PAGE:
Review: Giant Squid - Monster In The Creek
Imaginative and Bizarre
Fans only familiar with Giant Squid's full lengths may be surprised by this EP. While Giant Squid is a hard band to pigeonhole into a genre, much of their material has a strong doom metal influence. While there are some nods to the genre here, it would be absurd to try and put this under the label of doom metal. This isn't really metal at all. Sure there is the occasional metal riff and even the rare example of harsh vocals but this is mostly mellow keyboard-driven rock.
The first vocalist we hear is Aurielle Zeitler on the title track. Her vocals are very pretty sounding, perfectly complimenting the mellow vibes. She makes appearances throughout the release, which provide a nice counterpoint to the distinct vocals of band leader Aaron Gregory. Anyone who has heard his vocals knows they are something else. He has great range and he certainly takes advantage of that, trying out a variety of styles. He has high nasally vocals, gruff deep vocals - he even shrieks in "Throwing a Donner Party". This EP also features the voice of Andy Southard, who left the band shortly after. His voice is pretty high and not always in the best way possible but he certainly knows how to carry a tune. Out of the the three vocalists, his are featured the least.
The great thing about this release is its genre-defying diversity. While largely rooted in atmospheric rock, they shows influence of metal, prog, electronic music and even a hint of jazz. This largely has to do with the keyboard. While they sometimes exist solely for atmosphere, they often become the main attraction. They often remind me of classic rock but at times they turn into full blown electronica. The jazzy keyboard sections in "Age of Accountability" do a hell of a lot to add personality to the track. Although it does contain some metal riffing (which isn't really all that heavy sounding), "Lester Stillwell" is basically an electronic track. Upon my first listen to this release, the only album I had heard from them was "The Ichthyologist". I found it truly strange the same band had previously dabbled in electronic music. Thankfully, their experimentation turns out to be a success - it is both pleasant and engaging.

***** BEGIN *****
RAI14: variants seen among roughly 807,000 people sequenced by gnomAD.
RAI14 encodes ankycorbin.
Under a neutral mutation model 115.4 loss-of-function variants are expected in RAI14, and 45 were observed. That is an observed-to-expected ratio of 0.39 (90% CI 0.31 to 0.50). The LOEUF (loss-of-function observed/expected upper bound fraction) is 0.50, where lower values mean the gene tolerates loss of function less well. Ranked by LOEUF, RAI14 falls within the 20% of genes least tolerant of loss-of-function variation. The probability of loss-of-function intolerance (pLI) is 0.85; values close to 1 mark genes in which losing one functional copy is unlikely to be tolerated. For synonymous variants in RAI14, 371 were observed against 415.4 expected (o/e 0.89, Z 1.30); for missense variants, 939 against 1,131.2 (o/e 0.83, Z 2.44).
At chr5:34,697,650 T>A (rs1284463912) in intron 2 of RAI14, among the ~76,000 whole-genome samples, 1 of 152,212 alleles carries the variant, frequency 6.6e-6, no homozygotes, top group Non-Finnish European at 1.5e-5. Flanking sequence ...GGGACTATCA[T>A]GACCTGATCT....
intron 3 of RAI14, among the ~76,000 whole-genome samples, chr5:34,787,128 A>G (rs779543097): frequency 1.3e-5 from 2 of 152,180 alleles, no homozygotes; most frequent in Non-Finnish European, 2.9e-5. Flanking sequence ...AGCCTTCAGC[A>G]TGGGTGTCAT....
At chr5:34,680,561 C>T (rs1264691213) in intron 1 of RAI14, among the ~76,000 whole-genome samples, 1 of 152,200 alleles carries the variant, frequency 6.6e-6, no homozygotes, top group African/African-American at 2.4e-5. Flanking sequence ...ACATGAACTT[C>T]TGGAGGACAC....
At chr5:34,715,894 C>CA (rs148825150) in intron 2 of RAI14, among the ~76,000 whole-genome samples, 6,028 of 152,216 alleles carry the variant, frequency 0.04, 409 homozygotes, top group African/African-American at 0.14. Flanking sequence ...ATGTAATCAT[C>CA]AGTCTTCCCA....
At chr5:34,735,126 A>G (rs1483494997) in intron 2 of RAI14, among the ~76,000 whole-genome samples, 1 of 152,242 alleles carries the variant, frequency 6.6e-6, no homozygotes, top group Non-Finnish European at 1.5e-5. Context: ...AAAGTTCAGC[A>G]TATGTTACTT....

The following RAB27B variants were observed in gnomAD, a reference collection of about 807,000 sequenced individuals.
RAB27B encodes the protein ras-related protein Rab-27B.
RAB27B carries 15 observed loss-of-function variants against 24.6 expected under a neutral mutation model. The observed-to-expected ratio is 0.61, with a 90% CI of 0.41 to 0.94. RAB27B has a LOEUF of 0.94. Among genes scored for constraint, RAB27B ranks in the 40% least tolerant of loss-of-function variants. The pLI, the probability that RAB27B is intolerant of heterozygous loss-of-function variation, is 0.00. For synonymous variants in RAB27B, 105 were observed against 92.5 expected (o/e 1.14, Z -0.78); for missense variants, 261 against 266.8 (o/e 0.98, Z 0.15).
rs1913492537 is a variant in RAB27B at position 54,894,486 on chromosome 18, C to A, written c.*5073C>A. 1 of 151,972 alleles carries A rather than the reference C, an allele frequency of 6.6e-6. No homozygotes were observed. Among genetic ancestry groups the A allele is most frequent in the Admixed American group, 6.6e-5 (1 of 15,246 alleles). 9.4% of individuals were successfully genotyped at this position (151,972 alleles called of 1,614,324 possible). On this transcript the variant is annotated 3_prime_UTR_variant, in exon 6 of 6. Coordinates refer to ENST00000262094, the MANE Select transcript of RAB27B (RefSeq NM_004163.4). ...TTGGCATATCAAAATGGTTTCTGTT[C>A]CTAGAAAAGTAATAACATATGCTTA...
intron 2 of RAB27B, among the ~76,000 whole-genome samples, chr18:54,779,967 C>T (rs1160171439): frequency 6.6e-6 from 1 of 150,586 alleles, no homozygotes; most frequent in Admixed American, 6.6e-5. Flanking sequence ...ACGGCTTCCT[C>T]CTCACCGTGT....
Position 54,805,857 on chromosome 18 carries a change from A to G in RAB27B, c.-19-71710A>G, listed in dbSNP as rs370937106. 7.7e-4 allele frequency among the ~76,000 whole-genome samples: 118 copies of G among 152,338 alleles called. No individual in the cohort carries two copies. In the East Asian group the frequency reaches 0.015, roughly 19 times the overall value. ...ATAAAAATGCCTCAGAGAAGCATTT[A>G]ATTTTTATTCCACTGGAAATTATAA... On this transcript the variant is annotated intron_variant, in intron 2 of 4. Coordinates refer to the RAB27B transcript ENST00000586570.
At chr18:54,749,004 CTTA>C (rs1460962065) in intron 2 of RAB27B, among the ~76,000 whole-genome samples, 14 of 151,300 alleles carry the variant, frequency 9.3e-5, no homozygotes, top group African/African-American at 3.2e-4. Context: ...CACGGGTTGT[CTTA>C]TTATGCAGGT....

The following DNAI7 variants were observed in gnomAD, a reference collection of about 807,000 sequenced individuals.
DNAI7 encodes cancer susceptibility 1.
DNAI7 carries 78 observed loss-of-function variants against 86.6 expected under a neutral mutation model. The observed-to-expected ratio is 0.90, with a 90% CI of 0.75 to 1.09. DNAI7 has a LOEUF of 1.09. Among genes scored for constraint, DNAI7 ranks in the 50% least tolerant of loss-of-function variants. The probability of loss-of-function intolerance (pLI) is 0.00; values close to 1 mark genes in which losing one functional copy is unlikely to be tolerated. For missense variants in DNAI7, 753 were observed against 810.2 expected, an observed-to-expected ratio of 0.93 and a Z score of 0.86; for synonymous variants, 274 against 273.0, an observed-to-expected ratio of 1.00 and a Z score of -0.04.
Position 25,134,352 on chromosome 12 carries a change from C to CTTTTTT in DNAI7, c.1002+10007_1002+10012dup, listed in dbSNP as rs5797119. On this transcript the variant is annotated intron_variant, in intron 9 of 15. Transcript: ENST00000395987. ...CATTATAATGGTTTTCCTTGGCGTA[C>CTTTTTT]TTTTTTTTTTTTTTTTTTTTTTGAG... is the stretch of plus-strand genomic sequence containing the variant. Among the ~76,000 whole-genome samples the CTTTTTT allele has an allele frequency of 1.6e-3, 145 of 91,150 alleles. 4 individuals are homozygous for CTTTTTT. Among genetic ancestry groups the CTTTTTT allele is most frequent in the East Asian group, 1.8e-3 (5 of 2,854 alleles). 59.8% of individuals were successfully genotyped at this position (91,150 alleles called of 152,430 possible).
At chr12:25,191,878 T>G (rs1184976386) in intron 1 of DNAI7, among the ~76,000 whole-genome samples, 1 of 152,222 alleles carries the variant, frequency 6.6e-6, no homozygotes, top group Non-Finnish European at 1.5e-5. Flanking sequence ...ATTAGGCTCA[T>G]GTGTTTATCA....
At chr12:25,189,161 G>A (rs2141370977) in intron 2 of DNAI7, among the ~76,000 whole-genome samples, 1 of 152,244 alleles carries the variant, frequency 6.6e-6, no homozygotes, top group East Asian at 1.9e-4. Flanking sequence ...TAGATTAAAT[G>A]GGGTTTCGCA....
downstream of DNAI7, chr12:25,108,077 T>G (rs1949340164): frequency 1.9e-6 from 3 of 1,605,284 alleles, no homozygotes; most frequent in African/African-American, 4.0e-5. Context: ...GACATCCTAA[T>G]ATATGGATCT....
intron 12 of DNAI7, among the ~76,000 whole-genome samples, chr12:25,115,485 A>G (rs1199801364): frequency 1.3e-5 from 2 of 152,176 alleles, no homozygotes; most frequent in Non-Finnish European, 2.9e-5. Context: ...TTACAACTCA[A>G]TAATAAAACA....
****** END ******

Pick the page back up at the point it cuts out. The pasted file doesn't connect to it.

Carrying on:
"Throwing A Donner Party" is probably the weakest point of this EP. It is by no means bad, it just doesn't measure up to the rest of the songs. It is pretty interesting, but the harsh vocals aren't all that strong and it isn't nearly as good as its remake. I find it all but impossible to listen to this song objectively. I can't help constantly comparing it to the remade version found in "The Ichthyologist", which had a slight name change: "Throwing A Donner Party At Sea (Physeter Catadon)." This song was the one that really stood out to me upon first listen to the album. The harsh vocals are much more powerful on the remake and the clean vocals stand out more. There is a notable melody in the song which on the original version is played on the keyboard. On the later version, it is played on the cello, with extra notes being added which add swing to the the flow. One upside to the original is that the electronic parts work excellently.
Inspired by the Jersey Shore shark attacks of 1916 (the song Lester Stillwell is named after a boy who was killed in these attacks), this is certainly an interesting and imaginative recording. While people who are into Giant Squid's metal side may not appreciate this one as much, this is certainly an important part of their discography. Diversity shines through on this one, every song is good and at no point does it feel like I'm listening to the same song over and over. While diverse, it never feels like they are being weird or adding extra influences just for the sake of it. Everything is methodically planed out and has its place in the bigger picture .This is very weird and definitely not for every one. However, this one may prove to be a true gem to people who do like something a bit different.